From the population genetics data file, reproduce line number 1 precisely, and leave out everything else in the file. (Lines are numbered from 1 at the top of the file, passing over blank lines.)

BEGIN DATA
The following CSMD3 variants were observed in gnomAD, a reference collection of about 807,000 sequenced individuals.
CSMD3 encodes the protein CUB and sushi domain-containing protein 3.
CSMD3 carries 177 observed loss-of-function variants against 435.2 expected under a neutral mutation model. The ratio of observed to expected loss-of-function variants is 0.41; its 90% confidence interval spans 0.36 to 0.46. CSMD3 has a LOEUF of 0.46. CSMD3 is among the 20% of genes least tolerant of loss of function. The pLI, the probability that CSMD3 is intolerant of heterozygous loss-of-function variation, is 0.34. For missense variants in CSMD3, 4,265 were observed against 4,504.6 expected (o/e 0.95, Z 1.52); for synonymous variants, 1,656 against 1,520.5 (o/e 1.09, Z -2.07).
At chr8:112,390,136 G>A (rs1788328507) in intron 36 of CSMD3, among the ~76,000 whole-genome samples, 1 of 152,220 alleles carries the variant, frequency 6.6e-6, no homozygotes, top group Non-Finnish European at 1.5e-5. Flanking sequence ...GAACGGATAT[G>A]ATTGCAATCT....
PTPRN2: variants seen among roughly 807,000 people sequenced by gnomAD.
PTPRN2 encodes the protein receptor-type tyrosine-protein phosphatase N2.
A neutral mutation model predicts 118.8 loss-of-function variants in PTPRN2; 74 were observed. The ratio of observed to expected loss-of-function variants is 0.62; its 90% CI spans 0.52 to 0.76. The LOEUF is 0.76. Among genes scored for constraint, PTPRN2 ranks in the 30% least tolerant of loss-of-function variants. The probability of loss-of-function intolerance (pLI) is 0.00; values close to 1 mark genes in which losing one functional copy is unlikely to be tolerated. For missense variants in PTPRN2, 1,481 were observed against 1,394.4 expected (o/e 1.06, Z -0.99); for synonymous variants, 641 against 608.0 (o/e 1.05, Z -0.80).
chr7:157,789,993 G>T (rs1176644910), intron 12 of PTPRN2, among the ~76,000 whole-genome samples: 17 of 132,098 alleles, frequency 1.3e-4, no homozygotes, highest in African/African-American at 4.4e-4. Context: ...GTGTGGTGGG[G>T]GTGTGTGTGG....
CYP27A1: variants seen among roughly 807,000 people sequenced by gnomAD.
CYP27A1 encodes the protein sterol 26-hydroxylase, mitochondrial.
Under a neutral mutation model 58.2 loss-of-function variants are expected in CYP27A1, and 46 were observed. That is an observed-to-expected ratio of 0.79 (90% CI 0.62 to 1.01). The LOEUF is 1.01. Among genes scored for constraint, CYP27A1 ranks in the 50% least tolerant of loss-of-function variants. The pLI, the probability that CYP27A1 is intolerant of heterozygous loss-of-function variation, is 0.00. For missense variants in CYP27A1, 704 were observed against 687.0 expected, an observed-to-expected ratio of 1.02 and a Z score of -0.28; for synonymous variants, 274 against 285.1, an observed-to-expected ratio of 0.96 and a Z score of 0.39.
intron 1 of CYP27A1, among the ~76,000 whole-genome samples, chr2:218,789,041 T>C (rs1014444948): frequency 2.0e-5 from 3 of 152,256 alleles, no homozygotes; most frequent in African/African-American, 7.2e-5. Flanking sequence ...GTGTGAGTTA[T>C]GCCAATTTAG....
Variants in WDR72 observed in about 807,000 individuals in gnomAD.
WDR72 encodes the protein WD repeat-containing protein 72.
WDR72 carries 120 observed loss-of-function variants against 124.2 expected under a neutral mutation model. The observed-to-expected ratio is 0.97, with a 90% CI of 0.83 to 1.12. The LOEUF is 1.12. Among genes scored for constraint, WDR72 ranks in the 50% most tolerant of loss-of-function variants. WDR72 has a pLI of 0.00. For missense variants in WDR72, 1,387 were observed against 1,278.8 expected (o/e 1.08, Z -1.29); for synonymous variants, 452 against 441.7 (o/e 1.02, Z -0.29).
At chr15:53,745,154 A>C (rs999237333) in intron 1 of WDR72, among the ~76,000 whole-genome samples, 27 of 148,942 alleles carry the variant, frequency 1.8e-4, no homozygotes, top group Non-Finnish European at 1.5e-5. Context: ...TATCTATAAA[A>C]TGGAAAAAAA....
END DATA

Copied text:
The following CSMD3 variants were observed in gnomAD, a reference collection of about 807,000 sequenced individuals.